Visualization can change the way that we look at data and information. If that data contains a geographic/geospatial component then utilizing location information can help provide a new layer of insight for certain kinds of analysis. Location intelligence is the integration and analysis of visual geographic/geospatial information as part of the decision making process. A few examples where this might be useful include:
- Analyzing marketing activity
- Analyzing sales activity
- Analyzing crime patterns
- Analyzing utility outages
- Analyzing military options
I had the opportunity to meet with the team from SpatialKey the other week. SpatialKey offers a location intelligence solution, targeted at decision makers, in a Software as a Service (SaaS) model. The offering is part of Universal Mind, a consulting company that specializes in design and usability and had done a lot of work on dashboards, Geographic Information Systems, and the like. Based on its experience, it developed a cloud-based service to help people utilize geographic information more effectively.
According to the company, all the user needs to get started is a CSV file with their data. Files must contain an address, which SpatialKey will geocode, or latitude and longitude for mapping purposes. It can contain any other structured data component. Here is a screen shot from the system. It shows approximately 1000 real estate transactions from the Sacramento, California area that were reported over a five day period.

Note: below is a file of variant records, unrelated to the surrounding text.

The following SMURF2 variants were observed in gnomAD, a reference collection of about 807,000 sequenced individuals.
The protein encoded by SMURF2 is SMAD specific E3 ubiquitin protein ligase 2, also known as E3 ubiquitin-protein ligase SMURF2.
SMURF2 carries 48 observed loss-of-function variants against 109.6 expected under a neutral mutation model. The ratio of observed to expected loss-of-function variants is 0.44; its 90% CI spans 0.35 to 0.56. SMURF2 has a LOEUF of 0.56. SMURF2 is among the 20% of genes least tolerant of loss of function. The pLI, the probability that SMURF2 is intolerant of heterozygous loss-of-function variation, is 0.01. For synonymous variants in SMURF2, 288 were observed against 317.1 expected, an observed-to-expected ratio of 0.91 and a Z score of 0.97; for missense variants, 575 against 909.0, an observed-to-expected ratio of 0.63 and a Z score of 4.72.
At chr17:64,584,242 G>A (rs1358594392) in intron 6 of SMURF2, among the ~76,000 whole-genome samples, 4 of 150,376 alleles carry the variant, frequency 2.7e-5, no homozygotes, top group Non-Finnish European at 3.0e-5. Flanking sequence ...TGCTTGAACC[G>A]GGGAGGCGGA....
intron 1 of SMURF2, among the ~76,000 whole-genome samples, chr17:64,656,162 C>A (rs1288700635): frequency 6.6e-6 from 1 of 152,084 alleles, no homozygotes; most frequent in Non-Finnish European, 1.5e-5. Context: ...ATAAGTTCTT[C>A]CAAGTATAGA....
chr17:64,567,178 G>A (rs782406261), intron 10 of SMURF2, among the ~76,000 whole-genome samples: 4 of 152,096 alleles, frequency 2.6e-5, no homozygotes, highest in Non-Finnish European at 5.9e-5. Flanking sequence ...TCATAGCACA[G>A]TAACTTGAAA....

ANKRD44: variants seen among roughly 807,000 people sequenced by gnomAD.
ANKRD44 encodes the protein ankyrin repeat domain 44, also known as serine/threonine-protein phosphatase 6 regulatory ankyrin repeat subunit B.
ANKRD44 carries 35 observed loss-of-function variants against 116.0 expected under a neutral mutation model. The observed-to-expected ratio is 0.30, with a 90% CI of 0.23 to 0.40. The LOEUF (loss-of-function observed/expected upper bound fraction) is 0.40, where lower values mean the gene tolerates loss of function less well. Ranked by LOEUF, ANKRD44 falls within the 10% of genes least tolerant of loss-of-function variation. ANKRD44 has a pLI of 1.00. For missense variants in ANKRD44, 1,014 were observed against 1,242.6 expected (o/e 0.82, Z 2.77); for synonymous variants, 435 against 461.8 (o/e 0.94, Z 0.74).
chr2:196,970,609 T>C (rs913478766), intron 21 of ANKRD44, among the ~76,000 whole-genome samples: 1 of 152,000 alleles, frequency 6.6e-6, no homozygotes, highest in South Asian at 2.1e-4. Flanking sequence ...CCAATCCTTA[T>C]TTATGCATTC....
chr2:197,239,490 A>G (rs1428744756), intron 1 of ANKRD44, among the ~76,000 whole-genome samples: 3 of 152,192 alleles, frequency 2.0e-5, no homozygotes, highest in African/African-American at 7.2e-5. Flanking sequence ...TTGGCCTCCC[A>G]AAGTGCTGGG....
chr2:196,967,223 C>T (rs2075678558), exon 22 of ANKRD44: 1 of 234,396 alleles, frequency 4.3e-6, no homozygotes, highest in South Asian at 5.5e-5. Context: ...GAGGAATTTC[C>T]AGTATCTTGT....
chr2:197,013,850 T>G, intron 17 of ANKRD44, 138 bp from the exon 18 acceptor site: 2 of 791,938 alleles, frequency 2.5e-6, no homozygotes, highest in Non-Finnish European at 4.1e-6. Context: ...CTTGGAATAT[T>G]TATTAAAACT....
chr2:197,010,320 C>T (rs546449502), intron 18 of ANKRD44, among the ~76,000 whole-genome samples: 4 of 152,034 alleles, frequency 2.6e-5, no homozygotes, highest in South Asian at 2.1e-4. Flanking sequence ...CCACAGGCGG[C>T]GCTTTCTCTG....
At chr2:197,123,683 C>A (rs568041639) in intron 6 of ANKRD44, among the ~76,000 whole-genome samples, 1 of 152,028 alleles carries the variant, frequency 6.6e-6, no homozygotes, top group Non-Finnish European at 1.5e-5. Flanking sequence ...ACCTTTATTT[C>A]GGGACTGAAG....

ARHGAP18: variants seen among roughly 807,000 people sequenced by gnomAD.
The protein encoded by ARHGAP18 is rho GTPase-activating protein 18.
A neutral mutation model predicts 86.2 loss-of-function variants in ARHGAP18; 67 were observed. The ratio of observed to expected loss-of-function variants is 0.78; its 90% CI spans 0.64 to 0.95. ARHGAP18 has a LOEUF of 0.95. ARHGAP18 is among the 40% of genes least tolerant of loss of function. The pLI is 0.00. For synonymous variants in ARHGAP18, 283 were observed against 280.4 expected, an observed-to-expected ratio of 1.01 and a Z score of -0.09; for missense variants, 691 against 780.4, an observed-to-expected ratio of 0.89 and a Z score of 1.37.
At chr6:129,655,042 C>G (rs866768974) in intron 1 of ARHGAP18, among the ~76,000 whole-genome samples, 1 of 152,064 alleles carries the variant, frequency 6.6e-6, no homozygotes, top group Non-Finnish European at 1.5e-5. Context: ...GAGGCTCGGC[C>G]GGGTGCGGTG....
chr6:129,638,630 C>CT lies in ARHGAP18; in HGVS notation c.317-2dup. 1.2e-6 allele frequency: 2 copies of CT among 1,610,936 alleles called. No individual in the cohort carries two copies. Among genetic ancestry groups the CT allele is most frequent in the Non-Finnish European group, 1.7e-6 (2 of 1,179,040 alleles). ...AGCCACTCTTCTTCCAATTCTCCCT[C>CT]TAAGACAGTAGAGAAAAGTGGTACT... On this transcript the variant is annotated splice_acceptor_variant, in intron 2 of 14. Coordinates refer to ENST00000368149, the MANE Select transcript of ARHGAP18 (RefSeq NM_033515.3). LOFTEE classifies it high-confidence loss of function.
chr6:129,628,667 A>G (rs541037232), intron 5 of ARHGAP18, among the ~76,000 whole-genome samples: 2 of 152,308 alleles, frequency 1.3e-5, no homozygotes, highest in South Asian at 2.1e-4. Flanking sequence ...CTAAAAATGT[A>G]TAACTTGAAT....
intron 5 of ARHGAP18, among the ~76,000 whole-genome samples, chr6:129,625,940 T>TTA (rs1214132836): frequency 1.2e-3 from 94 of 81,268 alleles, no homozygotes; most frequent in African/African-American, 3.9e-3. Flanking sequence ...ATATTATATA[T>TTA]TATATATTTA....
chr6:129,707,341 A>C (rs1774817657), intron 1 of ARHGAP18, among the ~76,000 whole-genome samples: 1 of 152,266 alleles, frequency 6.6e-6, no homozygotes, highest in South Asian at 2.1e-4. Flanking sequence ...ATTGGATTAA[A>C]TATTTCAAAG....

There are several points to note in this figure. First, the data can be represented as a heat map, meaning areas where there are large number of transactions appear in red, lower numbers in green. Second, the software gives the user the ability to add visualization pods, which are graphics (on the left) that drill down into the information. The service also allows you to incrementally add other data sets, so you can visualize patterns. For example, you might choose to add crime rates or foreclosure rates on top of the real estate transactions to understand the area better. The system also provides filtering capabilities through pop ups and other sliders.
SpatialKey has just moved out of beta and into trial. The company does not intend to compete with traditional BI vendors. Rather, its intention is to provide a lightweight alternative to traditional BI and GIS systems. The idea would be to simply export data from different sources (either your company data stores or even other cloud sources such as Salesforce.com) and allow end users to analyze it via a cloud model.
The future of data is more data. Location intelligence solutions will continue to become important as the number of devices, such as RFID and other sensors continue to explode. As these devices spew yet even more data into organizations, people will want a better way to analyze this information. It makes sense to include geographic visualization as part of the business analytics arsenal.